Nepal’s new coach Pubudu Dassanayake is confident that his team can make most of the home advantage during the ACC Twenty20 Cup.
The ACC Twenty20 Cup will be held in Kathmandu from 3-11 December. The tournament will help spot three Asia teams for the ICC World Twenty20 2012 Qualifiers to be held in UAE.
Dassanayake was till recently the coach of Canada and thereafter moved onto his new role with Nepal.
“It has been good so far in the six weeks that I have been here. The team has had a good build-up. We have some good players and there has been enough time to iron out a few things,” said Dassanayake.
Having been part of the coaching set-up of an associate member team like Canada, Dassanayake is aware of the challenges that come with the job.
“I was coach of Canda for four years. I am now aware of challenges faced by associate teams. But I have adjusted really quickly with Nepal. I am happy with the team we have,” added Dassanayake.
According to Dassanayake there is one big difference in coaching Canada and Nepal.
“In Canada we have three or four different origins of players like Pakistanis, Indians, Americans and West Indians. Here all the players are from the same country and community. That makes things that much more easy to handle,” reckoned Dassanayake.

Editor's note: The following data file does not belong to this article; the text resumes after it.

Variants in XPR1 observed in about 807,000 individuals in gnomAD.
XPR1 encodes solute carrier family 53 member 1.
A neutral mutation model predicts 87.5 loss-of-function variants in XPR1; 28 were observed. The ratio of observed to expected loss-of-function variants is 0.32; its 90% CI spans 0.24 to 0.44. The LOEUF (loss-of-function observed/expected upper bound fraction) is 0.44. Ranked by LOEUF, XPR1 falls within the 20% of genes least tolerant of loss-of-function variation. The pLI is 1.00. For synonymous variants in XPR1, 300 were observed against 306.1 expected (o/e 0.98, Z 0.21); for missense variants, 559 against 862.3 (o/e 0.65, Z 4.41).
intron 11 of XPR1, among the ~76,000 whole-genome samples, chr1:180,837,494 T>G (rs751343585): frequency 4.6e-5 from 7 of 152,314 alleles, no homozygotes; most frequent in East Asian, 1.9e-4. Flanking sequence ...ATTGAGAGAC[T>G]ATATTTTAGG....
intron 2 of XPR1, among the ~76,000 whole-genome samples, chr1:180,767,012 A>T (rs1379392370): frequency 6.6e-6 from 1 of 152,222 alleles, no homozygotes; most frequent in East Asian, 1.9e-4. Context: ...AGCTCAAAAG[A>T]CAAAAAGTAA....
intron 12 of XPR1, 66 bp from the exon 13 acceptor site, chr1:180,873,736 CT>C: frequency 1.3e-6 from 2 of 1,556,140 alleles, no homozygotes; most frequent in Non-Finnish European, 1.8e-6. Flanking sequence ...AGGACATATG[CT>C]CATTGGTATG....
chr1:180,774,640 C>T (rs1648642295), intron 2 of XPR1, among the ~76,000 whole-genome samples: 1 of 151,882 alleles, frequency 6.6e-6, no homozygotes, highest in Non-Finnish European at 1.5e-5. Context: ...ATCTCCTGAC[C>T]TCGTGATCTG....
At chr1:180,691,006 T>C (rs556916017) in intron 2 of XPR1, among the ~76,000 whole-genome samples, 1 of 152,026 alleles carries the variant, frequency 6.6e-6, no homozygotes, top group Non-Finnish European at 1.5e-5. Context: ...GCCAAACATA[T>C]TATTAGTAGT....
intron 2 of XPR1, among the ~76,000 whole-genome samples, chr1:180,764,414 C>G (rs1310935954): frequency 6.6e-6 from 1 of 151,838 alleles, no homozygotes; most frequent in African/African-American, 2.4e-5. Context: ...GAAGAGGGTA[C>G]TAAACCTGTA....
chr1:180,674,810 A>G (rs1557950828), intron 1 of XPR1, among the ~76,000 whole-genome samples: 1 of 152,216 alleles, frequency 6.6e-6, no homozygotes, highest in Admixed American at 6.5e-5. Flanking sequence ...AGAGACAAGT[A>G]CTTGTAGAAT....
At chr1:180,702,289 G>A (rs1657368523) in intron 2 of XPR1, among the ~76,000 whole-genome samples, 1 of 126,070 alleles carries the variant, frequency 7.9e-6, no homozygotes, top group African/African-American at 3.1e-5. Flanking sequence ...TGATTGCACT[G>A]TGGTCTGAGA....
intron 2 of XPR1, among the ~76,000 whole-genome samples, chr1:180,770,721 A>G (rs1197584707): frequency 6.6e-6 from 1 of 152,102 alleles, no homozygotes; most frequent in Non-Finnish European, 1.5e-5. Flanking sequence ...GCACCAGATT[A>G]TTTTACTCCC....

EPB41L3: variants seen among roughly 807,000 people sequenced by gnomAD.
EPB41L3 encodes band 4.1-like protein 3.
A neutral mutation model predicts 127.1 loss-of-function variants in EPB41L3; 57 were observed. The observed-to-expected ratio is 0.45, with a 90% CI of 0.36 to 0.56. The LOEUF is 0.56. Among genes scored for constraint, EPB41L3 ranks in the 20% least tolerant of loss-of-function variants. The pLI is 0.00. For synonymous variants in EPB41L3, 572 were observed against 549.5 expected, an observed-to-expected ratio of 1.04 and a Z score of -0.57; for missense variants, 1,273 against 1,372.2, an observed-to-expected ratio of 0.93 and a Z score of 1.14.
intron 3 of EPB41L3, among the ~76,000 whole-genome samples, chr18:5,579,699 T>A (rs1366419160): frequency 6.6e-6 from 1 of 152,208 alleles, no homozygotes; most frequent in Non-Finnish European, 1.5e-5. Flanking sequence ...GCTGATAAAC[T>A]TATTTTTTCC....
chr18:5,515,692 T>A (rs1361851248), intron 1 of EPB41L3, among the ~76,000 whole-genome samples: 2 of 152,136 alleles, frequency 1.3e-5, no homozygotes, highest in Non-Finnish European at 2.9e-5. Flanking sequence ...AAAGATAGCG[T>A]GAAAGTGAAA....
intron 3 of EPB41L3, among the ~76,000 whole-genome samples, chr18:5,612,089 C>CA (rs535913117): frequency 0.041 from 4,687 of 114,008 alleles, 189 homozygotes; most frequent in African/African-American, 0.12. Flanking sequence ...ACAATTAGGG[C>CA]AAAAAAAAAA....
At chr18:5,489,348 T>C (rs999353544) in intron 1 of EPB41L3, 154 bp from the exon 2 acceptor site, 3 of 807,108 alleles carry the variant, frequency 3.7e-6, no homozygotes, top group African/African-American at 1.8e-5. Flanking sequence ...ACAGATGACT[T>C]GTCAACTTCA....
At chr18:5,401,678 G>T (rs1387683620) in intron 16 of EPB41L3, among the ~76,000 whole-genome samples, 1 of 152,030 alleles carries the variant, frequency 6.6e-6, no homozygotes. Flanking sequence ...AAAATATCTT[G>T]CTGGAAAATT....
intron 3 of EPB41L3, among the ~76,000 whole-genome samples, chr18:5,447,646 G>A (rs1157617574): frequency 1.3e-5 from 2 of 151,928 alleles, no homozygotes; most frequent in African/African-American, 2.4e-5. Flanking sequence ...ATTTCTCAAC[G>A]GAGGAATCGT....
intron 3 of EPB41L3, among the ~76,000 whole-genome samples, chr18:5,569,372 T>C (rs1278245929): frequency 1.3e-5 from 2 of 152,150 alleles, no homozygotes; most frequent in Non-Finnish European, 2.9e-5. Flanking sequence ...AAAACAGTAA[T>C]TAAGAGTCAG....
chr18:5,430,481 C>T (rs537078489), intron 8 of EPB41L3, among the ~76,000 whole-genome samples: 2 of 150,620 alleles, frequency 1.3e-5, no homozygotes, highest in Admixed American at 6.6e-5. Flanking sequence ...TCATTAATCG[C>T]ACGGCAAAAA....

A former Sri Lanka wicket-keeper, Dassanayake, is excited about the talent in the squad and about their hunger to perform.
He is also banking on the home advantage to do well in the tournament.
“On any given day we can expect around 10,000-15,000 people to watch a Nepal game. The pitches are slow and the players are used to playing on these tracks. So it will be a big advantage for the team,” opined Dassanayake.
The new Nepal coach is also excited about the strength of the bowling and fielding of his side.
“If we bat well, we can do well in this tournament. I think among associates we have the best bowling and fielding side. Afghanistan and UAE are the favourites for the tournament. But we want to prove that we are the best among the associates,” said Dassanayake.
Among other things, Dassanayake is keen to carry on the legacy of former Nepal coach and former Sri Lanka batsman Roy Dias.
“He was my mentor during my playing days. If you look at junior cricket and the techniques and skills of the players it is all thanks to Roy. He has done a great job in Nepal cricket,” praised Dassanayake.
Now, Dassanayake has just one goal in mind, to help Nepal make it through to the ICC World Twenty20 2012.
“It will be the best thing for Nepal cricket. If Nepal goes through to international arena, the fans will be excited. It is an important milestone for Nepal and its cricket. If we make the climb up the rankings it will be a big boost for the sport here,” concluded Dassanayake.